Meraka Openphone:Project Progress

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Cross collaboration visit 6 - 9 August 2006


The activities and outcomes of a cross-collaboration event that took place between the Meraka Institute and MICTI during the 6 - 9 August 2006 at MICTI, in Maputo, Mozambique are detailed. The topics discussed are elborated on, including the technical discussions on the deployment of a voicemail service for voice-over-IP-based telecentres in Mozambique.


There were two sessions of roughly 8 hours each.

The first day was primarily focused on the OpenPhone platform. The second day was focused on a specific Voice over IP (VoIP) problem that MICTI was having difficulty solving; the goal was to demonstrate how the use of OpenPhone could speed up their VoIP learning and development.

Session 1: OpenPhone technology training

This session was an introduction to the OpenPhone platform, including the Asterisk Software PBX, the complementing Asterisk extensions and the graphical authoring tool, DialogPalette.

Topics covered:

  • Explanation of where and how all the relevant software can be obtained (everything used in OpenPhone is open source software)
  • Introduction to the technical details of the Asterisk Software PBX, especially how its programming paradigm differs from conventional programming
  • Introduction to DialogPalette, focussing on how it embeds and hides the Asterisk PBX
  • A practical session where participants had to install DialogPalette and build some of the tutorial programs; everyone was able to accomplish this successfully
  • Interactive tutorial session demonstrating more advanced application functionality of DialogPalette
  • Further discussions around when the use of DialogPalette is appropriate for complete Interactive Voice Response (IVR) applications, and when it should only be used as a starting point
  • Explanation of the use of DialogPalette as a teaching tool for future IVR developers
  • Demonstration of a follow-up project using the OpenPhone platform's technologies: MobilEd
  • Q&A session

The participants were very excited about the prospect of using DialogPalette to teach new students the inner workings of the Asterisk Software PBX. This is understandable, given the interest in a simple VoIP-based telephone network (i.e. no real IVR, but focusing more on the routing/PBX functionality of Asterisk). Since DialogPalette allows users to see (in real time) the Asterisk code that it generates, and it allows for instant application simulation, it works much more effectively as an introductory teaching tool than any written alternative.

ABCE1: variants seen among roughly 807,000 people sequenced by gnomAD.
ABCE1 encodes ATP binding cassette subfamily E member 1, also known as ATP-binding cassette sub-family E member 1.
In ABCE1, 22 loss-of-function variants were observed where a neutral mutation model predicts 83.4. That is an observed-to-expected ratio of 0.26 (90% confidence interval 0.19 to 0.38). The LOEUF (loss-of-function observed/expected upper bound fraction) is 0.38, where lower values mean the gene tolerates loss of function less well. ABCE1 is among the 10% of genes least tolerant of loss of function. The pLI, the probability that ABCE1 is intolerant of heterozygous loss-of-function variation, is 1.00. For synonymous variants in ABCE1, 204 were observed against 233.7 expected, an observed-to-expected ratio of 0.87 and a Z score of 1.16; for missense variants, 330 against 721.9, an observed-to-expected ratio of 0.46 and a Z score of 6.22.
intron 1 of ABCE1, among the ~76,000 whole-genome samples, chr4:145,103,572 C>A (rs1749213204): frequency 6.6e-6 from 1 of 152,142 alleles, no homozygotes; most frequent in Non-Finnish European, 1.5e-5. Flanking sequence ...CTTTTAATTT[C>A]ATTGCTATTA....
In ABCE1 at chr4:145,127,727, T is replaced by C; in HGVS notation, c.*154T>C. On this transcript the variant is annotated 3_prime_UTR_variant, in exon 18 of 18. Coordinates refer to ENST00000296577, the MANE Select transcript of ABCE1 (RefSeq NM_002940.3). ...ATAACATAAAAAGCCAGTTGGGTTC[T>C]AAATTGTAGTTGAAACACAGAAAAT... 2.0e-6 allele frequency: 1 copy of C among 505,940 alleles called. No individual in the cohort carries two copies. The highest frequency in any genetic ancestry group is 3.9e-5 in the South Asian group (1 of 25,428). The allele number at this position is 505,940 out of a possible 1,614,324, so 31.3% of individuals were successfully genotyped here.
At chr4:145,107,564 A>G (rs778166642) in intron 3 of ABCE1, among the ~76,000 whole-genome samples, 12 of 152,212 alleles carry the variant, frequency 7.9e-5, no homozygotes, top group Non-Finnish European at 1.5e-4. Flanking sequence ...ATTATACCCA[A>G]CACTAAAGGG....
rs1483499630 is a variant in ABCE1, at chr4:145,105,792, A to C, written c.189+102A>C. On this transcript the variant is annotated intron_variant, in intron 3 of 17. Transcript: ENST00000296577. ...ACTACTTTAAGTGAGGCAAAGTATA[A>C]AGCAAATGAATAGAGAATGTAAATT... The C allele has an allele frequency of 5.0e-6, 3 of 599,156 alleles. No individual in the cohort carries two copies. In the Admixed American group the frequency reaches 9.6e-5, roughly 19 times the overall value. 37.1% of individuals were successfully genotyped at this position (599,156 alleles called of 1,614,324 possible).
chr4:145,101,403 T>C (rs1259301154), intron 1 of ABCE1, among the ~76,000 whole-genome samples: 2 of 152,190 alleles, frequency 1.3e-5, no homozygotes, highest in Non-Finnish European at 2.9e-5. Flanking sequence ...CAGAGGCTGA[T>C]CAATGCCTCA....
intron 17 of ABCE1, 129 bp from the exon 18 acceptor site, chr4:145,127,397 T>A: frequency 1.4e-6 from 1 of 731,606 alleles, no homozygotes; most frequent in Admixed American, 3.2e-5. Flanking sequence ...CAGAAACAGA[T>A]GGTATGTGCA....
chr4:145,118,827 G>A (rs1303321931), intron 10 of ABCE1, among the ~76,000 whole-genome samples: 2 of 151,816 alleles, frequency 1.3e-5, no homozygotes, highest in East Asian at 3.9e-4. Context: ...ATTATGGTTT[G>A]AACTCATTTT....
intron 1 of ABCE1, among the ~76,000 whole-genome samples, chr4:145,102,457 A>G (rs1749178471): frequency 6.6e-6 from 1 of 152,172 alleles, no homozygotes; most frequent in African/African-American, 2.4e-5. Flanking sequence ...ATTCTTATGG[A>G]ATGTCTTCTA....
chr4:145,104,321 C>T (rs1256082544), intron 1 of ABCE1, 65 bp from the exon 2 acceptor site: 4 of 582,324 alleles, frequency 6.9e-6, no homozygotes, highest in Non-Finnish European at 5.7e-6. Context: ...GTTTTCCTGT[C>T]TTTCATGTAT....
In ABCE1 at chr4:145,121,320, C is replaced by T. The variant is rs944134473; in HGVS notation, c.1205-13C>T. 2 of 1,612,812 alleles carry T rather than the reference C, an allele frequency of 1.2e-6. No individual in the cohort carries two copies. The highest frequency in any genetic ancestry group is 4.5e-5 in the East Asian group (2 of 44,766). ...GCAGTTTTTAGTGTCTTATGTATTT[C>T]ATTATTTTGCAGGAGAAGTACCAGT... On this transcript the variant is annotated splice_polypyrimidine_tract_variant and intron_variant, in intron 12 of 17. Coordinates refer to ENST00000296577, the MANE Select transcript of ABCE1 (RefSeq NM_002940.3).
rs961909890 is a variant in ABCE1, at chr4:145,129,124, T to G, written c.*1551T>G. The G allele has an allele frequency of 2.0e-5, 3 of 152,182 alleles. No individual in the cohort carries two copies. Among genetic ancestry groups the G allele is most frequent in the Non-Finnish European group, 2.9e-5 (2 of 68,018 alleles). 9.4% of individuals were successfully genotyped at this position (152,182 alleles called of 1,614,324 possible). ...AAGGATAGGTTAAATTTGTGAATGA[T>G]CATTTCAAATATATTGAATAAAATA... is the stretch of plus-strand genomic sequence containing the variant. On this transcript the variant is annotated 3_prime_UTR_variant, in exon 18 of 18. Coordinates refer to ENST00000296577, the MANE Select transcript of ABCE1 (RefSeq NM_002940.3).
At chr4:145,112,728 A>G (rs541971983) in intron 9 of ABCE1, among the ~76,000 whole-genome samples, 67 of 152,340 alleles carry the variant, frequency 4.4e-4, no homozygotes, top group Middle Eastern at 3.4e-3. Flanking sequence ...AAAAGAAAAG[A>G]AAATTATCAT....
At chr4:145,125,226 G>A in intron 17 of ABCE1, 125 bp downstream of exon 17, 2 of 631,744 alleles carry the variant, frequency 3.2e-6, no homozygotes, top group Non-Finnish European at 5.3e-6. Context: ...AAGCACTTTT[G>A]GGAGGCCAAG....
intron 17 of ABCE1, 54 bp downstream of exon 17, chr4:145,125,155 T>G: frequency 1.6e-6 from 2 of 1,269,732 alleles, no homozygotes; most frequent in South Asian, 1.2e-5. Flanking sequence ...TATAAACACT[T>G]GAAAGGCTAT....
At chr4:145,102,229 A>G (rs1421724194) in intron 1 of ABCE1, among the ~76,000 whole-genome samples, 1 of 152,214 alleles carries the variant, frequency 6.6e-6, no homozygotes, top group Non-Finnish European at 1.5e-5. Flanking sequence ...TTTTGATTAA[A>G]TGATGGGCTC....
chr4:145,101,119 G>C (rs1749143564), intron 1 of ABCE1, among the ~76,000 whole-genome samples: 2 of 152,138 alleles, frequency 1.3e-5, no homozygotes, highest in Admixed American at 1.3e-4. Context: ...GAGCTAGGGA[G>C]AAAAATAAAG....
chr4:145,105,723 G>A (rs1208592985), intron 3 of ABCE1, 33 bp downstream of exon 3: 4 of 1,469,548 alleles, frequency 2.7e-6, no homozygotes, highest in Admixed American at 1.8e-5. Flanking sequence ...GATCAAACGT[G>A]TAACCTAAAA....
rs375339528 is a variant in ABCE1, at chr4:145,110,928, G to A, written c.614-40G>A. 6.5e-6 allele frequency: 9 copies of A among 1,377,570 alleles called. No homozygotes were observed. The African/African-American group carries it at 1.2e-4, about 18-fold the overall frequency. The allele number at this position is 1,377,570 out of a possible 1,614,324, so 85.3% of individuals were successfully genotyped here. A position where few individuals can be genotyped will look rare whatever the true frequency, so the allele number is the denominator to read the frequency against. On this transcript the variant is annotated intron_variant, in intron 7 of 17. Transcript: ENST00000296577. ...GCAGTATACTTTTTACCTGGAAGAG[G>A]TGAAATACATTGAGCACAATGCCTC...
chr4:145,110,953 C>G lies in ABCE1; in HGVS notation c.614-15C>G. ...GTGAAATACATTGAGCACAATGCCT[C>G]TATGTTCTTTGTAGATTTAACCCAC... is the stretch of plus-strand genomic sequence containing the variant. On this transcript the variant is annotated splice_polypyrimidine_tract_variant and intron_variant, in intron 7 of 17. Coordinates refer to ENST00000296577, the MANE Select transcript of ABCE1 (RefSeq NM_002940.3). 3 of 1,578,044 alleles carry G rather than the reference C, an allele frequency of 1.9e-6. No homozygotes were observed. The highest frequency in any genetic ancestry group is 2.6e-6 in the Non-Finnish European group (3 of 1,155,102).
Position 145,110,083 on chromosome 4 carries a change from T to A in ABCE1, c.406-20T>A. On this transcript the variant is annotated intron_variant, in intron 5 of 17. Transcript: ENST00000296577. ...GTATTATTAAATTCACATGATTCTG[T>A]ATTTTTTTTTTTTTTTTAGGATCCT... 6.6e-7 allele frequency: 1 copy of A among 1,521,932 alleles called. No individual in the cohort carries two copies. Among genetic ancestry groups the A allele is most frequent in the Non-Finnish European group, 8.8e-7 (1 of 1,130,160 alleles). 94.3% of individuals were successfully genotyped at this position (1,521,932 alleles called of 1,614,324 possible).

The participants were also quite interested in the MobilEd server that was demonstrated near the end of the session. MobilEd allows virtually any electronic information to be accessed using a variety of transmission mediums, one of which is audio telephony, making use of technologies developed for the OpenPhone platform. They saw MobilEd as a fitting companion to the OpenPhone platform.

Session 2: Prototype implementation of scalable VoIP telephony network with Voicemail

This session was much more practical than Session 1. Having been introduced to the OpenPhone platform and how it could assist with telephony application development, it was decided to build a prototype VoIP-based telephony network.

MICTI had been planning to implement the following network as a prototype for a larger installation:

  • Two main PBXs, each serving an unknown amount of client telephones (using the SIP VoIP protocol) and with their own dialing code
  • The two PBXs must be connected via some form of VoIP connection
  • Each telephone must have its own Voice Mailbox; to be reached if the telephone is in use/offline

The session started with basic development methodology planning. Since each PBX is serving its own local dialing code-area, it was decided that only one PBX setup needed to be developed, with the second merely being cloned from the first (since they are very similar). Then, the interconnecting high-bandwith VoIP pipe between the two PBXs would be set up.

The group was provided with links to web pages detailing the different usage scenarios of different VoIP protocols, and also given advice on how the voicemail application could be designed using OpenPhone's DialogPalette.

Initially the need was for the voicemail system to be situated in a single, centralized location, but it was argued that given the nature of the the final deployment (3 PBXs, each interconnected with a low-bandwidth 64kbs connection stretching about 100KM), this configuration would cause unnecessary traffic congestion, and additionally could lead to voicemail being unavailable for local callers if one of these pipes were to break. The suggested alternative was a distributed voicemail system, where each PBX would manage its own local telephone clients' voice mailboxes. Using the cloning technique discussed earlier, this would not incur extra workload. This solution was finally agreed upon.

Prototype VoIP telephony network designed

For the prototype, 2 PBXs, each serving 2 VoIP softphones, were designed. The Inter-Asterisk eXchange protocol version 2 (IAX2) protocol was chosen as the inter-PBX communication protocol (as this is what it was designed for). The network layout is shown in the figure.

With the use of DialogPalette to set up the initial call-routing logic, and to build the voicemail section, a fully operational, voicemail-enabled VoIP telephony network was built by the end of the session.

The session was concluded with a discussion of how the prototype network could be scaled to accomodate for their real-world needs. It was agreed this would be fairly easy to accomplish.